The dispute over USSD charges has brought to the fore how banks and telecommunications companies (telcos) have been dipping into customers’ wallets through needless and exorbitant surcharges.
According to a features piece done by a telecoms analyst, Mr. Sonny Aragba-Akpore, and published by Nigeria Everyday (Everyday.ng), the argument put forward by banks over the N120 billion debt owed telcos by banks for the Unstructured Supplementary Service Data (USSD) revealed the anomaly against bank customers.
Mr. Segun Agbaje, the Group Chief Executive Officer of Guaranty Trust Holding Company (GTCO), at a recently held interaction among banks, telcos and industry regulator, the Nigeria Communications Commission (NCC), opposed the notion that continuous use of USSD for transactions would strengthen Nigeria’s cashless policy as pursued by the Central Bank of Nigeria (CBN).
He said the controversy over USSD is a distraction engendered by telecommunications companies. He asserted that banks are advocating for the protection of their customers, insisting that they should only pay for successful transactions and not for transactions that were not calculated on their accounts.
The GTCO boss objected to the extensive use of USSD while expressing his belief that the technology driving USSD banking is costly and clumsy, adding that internet banking is a more robust and technologically advanced alternative.
“The banks are protecting their customers and saying to all of you, pay for successful transactions, do not pay for transactions that were not calculated on your account. What if you, as customers, want to take a swim? Perhaps we’ll let you pay, but I keep telling everybody, who would listen, USSD is not the answer,’’ Agbaje argued.
He further stressed the need to reduce the cost of data, thereby making it more affordable as the future of financial inclusion and increased literacy lies therein. He further urged for a transitioning into mobile banking, which he considered as more advanced and user-friendly, requiring less data consumption.
Citing the India example, Agbaje explained that India has achieved significant progress in financial growth, and reiterated the urgency to reduce the cost of data in Nigeria, pointing out the disparity between data costs in Nigeria and India.
“All of you, who use less data, or mobile banking, which is more advanced, which is easier to use, you need to get the cost of data down in Nigeria. The cost of data, when compared to India, shows we are being exploited,” he added.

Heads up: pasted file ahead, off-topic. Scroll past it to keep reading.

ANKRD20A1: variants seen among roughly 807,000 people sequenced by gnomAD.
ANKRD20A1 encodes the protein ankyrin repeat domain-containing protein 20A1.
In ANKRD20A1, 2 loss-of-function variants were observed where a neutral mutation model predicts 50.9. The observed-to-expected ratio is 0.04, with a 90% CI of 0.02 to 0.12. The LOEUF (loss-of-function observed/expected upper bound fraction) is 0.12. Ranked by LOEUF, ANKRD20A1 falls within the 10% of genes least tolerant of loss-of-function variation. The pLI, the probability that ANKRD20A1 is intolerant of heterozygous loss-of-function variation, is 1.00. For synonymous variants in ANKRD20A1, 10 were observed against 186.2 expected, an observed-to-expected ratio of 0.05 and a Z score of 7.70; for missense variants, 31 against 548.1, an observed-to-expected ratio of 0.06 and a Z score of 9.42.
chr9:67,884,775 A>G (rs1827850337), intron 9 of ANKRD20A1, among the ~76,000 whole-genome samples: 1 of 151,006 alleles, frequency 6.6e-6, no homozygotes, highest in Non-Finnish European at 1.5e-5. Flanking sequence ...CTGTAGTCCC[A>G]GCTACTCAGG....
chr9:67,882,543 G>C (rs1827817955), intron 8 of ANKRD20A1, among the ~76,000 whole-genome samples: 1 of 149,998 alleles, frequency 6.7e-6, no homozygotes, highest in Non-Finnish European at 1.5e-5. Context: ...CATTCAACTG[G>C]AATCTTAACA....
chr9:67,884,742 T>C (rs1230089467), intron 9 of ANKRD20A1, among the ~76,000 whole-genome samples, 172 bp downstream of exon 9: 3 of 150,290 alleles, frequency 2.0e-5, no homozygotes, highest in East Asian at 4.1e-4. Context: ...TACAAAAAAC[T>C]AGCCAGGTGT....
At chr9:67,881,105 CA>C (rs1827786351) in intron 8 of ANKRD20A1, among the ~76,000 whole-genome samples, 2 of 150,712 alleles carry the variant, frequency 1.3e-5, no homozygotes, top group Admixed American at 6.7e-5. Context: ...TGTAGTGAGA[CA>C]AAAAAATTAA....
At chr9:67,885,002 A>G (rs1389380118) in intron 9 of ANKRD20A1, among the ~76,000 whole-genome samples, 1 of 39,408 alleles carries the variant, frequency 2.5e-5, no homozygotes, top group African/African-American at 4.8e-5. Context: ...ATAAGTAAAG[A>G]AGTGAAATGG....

Agbaje emphasized the need to reduce the cost of data as this would enhance financial inclusion and increase interest in the country.
“We should have the cost of data down so that we can increase inclusion, or we can increase our interest. So, I’m not going to get into this. If you want, you can pay the telcos for USSD. For me, my clamour is that it should be technology at lower cost of data,” he added.
A manager in one of the banks agreed with Agbaje’s statements concerning embracing mobile banking as opposed to the use of USSD for financial transactions, which, according to her, contributes to the high charges on transactions lamented by bank customers
“USSD is one of the reasons for high charges. Whether your transaction is successful or not, you will be charged N6.98k for using USSD, then you will be charged for transfers depending on the amount involved, the SMS alert charge is also included. That’s about three different charges for one transaction.
“Another way people incur extra charges is when they check their account balance. Every time you check your account balance via USSD, you will be charged N6.98k for USSD transaction and N4 for SMS alert.
“In a situation whereby you check your account balance five times a day, you have accumulated N20 SMS alert charge just in a day and N34.90k USSD charge in a day. To solve this problem, you can use your email to receive alerts and to confirm transactions instead of SMS. This way, you are charged for just ATM maintenance, ATM withdrawals after withdrawing thrice on another bank’s ATM and Electronic transfer levy.
“This is what I tell people, once you have a smartphone, it’s advisable to use the mobile application for transactions instead of USSD. USSD banking is expensive when compared with mobile banking, what the banks are clamoring against is charging our customers for unsuccessful transactions. All we are trying to do is to protect our customers against high charges,” she said.